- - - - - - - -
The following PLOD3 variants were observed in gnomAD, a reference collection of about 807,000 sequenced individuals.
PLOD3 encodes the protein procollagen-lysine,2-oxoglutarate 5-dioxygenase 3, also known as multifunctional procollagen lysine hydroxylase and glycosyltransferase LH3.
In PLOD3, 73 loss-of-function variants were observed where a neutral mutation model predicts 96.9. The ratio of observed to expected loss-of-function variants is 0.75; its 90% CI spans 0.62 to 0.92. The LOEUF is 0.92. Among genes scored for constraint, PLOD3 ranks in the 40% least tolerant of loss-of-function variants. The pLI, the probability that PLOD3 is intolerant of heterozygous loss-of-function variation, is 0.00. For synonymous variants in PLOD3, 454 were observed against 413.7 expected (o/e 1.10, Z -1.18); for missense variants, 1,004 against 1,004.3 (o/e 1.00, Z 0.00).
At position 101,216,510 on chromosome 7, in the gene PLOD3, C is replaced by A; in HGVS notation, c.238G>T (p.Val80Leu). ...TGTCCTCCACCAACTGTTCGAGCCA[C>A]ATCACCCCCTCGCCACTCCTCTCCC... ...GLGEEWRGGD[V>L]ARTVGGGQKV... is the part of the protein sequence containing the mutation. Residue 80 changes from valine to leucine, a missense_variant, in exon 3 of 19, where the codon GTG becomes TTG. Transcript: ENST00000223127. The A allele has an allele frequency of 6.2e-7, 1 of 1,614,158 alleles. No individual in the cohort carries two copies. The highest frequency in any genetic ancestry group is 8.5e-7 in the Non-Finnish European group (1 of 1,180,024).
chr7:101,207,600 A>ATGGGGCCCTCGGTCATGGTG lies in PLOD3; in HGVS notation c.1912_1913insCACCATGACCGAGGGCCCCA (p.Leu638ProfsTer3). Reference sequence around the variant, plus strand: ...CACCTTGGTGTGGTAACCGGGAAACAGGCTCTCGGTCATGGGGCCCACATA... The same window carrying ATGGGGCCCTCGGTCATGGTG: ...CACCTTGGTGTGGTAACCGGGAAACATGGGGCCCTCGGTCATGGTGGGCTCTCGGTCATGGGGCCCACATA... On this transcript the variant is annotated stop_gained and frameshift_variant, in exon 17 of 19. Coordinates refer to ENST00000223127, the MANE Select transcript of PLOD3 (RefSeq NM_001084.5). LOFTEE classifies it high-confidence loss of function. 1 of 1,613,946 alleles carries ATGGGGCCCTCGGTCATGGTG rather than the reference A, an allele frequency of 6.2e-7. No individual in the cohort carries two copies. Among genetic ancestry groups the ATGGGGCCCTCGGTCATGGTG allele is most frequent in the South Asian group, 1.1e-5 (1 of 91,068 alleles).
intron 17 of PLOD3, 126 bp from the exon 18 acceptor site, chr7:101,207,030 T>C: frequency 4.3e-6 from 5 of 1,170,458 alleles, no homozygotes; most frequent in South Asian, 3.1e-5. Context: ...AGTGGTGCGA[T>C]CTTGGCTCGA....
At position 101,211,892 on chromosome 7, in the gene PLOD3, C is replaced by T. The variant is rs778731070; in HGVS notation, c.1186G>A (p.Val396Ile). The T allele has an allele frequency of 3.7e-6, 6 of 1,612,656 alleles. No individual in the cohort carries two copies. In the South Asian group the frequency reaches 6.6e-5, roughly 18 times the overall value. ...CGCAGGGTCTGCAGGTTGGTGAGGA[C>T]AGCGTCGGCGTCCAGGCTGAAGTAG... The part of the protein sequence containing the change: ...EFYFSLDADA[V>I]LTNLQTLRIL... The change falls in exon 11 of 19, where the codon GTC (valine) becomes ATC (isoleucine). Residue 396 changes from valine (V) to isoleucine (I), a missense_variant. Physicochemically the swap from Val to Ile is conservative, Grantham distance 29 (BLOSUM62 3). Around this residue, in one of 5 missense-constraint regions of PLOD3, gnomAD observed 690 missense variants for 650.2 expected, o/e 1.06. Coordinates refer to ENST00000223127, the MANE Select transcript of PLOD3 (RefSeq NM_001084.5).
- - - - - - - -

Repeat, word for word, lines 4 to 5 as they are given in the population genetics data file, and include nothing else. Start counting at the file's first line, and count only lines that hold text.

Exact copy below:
At position 101,216,510 on chromosome 7, in the gene PLOD3, C is replaced by A; in HGVS notation, c.238G>T (p.Val80Leu). ...TGTCCTCCACCAACTGTTCGAGCCA[C>A]ATCACCCCCTCGCCACTCCTCTCCC... ...GLGEEWRGGD[V>L]ARTVGGGQKV... is the part of the protein sequence containing the mutation. Residue 80 changes from valine to leucine, a missense_variant, in exon 3 of 19, where the codon GTG becomes TTG. Transcript: ENST00000223127. The A allele has an allele frequency of 6.2e-7, 1 of 1,614,158 alleles. No individual in the cohort carries two copies. The highest frequency in any genetic ancestry group is 8.5e-7 in the Non-Finnish European group (1 of 1,180,024).
chr7:101,207,600 A>ATGGGGCCCTCGGTCATGGTG lies in PLOD3; in HGVS notation c.1912_1913insCACCATGACCGAGGGCCCCA (p.Leu638ProfsTer3). Reference sequence around the variant, plus strand: ...CACCTTGGTGTGGTAACCGGGAAACAGGCTCTCGGTCATGGGGCCCACATA... The same window carrying ATGGGGCCCTCGGTCATGGTG: ...CACCTTGGTGTGGTAACCGGGAAACATGGGGCCCTCGGTCATGGTGGGCTCTCGGTCATGGGGCCCACATA... On this transcript the variant is annotated stop_gained and frameshift_variant, in exon 17 of 19. Coordinates refer to ENST00000223127, the MANE Select transcript of PLOD3 (RefSeq NM_001084.5). LOFTEE classifies it high-confidence loss of function. 1 of 1,613,946 alleles carries ATGGGGCCCTCGGTCATGGTG rather than the reference A, an allele frequency of 6.2e-7. No individual in the cohort carries two copies. Among genetic ancestry groups the ATGGGGCCCTCGGTCATGGTG allele is most frequent in the South Asian group, 1.1e-5 (1 of 91,068 alleles).